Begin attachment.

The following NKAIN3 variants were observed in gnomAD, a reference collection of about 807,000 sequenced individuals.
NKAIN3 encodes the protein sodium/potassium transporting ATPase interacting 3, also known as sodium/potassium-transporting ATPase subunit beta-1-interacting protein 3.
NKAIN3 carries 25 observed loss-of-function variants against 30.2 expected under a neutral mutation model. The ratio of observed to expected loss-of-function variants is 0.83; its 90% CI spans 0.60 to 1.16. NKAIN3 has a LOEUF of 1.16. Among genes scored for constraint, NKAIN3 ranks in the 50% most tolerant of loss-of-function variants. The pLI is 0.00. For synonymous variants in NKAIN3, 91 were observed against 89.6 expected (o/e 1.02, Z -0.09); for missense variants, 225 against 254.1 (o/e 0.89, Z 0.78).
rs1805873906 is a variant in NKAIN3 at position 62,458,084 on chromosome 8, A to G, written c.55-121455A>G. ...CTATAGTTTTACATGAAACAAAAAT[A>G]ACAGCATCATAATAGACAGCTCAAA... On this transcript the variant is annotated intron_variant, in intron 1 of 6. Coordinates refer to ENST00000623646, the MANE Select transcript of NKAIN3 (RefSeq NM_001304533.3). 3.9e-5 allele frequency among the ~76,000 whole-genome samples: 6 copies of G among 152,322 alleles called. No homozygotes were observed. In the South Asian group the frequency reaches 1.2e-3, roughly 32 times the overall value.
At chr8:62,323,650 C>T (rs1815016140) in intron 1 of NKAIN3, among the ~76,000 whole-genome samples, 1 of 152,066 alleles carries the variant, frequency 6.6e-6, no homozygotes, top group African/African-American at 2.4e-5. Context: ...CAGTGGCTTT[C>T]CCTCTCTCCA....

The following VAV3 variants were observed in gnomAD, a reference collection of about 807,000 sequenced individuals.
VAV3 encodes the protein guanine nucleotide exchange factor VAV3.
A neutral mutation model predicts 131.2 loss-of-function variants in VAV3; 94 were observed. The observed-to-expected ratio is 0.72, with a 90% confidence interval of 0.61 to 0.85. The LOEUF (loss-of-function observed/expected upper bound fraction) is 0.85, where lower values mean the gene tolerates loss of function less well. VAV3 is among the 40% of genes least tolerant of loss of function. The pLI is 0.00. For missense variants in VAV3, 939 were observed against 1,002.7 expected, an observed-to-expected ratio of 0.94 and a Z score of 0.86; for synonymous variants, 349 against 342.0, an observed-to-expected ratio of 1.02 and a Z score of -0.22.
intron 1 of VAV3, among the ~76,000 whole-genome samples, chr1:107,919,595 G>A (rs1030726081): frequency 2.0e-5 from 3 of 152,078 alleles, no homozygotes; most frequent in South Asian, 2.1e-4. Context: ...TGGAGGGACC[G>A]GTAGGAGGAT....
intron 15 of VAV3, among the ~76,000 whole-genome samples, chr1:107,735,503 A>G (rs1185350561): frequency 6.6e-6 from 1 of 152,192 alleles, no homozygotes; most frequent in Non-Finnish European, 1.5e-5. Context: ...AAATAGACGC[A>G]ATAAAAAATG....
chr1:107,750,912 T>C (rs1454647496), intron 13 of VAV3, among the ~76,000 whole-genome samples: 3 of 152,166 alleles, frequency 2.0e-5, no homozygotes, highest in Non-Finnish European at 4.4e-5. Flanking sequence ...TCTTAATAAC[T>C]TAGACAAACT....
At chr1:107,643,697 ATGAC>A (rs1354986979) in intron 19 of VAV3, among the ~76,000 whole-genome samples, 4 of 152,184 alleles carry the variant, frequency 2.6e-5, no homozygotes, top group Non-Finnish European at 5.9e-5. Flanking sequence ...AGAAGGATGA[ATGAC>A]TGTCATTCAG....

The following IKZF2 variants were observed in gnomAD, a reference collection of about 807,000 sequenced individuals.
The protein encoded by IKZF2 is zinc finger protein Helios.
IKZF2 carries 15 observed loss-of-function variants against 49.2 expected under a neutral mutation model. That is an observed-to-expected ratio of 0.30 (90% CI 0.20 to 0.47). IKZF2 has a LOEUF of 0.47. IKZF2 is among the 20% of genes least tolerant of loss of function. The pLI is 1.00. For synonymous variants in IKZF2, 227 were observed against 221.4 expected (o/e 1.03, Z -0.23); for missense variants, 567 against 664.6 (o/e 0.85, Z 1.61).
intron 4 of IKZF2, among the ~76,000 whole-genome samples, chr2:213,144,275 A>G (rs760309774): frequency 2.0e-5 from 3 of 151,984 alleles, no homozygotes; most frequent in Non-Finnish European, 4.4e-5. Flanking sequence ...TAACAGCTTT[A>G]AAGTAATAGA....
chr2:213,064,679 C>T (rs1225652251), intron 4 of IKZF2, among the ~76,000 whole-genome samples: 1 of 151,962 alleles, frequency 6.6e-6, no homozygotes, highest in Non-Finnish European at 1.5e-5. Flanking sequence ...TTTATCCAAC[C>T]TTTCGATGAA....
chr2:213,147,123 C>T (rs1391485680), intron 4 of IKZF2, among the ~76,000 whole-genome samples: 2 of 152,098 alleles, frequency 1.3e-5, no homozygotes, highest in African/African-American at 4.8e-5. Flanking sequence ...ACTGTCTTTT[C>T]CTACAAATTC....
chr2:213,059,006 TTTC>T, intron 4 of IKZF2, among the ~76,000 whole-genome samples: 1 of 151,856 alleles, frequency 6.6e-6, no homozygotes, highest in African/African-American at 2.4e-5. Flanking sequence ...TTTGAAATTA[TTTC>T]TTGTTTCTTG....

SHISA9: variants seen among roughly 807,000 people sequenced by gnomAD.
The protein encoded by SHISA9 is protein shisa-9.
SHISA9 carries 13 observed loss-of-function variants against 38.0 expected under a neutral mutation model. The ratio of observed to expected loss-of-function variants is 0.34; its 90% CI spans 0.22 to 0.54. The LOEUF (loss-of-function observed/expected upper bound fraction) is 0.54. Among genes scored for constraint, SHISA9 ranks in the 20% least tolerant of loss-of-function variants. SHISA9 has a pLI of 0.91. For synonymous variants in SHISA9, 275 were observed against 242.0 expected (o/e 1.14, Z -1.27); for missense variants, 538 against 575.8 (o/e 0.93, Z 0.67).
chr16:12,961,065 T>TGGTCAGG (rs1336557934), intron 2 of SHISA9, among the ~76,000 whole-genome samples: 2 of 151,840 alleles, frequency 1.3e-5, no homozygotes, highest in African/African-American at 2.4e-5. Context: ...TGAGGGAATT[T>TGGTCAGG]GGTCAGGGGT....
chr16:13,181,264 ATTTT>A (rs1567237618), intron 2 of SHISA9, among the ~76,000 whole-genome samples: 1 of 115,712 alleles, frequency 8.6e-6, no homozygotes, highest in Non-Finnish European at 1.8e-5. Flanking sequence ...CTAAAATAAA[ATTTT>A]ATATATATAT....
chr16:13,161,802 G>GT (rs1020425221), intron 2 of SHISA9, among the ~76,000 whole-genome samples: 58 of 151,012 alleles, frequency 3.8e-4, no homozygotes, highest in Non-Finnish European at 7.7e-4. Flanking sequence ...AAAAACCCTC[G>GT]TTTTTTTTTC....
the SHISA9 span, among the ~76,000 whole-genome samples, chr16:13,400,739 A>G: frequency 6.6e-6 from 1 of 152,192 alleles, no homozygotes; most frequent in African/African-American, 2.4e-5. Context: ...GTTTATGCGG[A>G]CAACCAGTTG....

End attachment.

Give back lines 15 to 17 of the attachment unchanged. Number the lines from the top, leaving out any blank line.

IKZF2 carries 15 observed loss-of-function variants against 49.2 expected under a neutral mutation model. That is an observed-to-expected ratio of 0.30 (90% CI 0.20 to 0.47). IKZF2 has a LOEUF of 0.47. IKZF2 is among the 20% of genes least tolerant of loss of function. The pLI is 1.00. For synonymous variants in IKZF2, 227 were observed against 221.4 expected (o/e 1.03, Z -0.23); for missense variants, 567 against 664.6 (o/e 0.85, Z 1.61).
intron 4 of IKZF2, among the ~76,000 whole-genome samples, chr2:213,144,275 A>G (rs760309774): frequency 2.0e-5 from 3 of 151,984 alleles, no homozygotes; most frequent in Non-Finnish European, 4.4e-5. Flanking sequence ...TAACAGCTTT[A>G]AAGTAATAGA....
chr2:213,064,679 C>T (rs1225652251), intron 4 of IKZF2, among the ~76,000 whole-genome samples: 1 of 151,962 alleles, frequency 6.6e-6, no homozygotes, highest in Non-Finnish European at 1.5e-5. Flanking sequence ...TTTATCCAAC[C>T]TTTCGATGAA....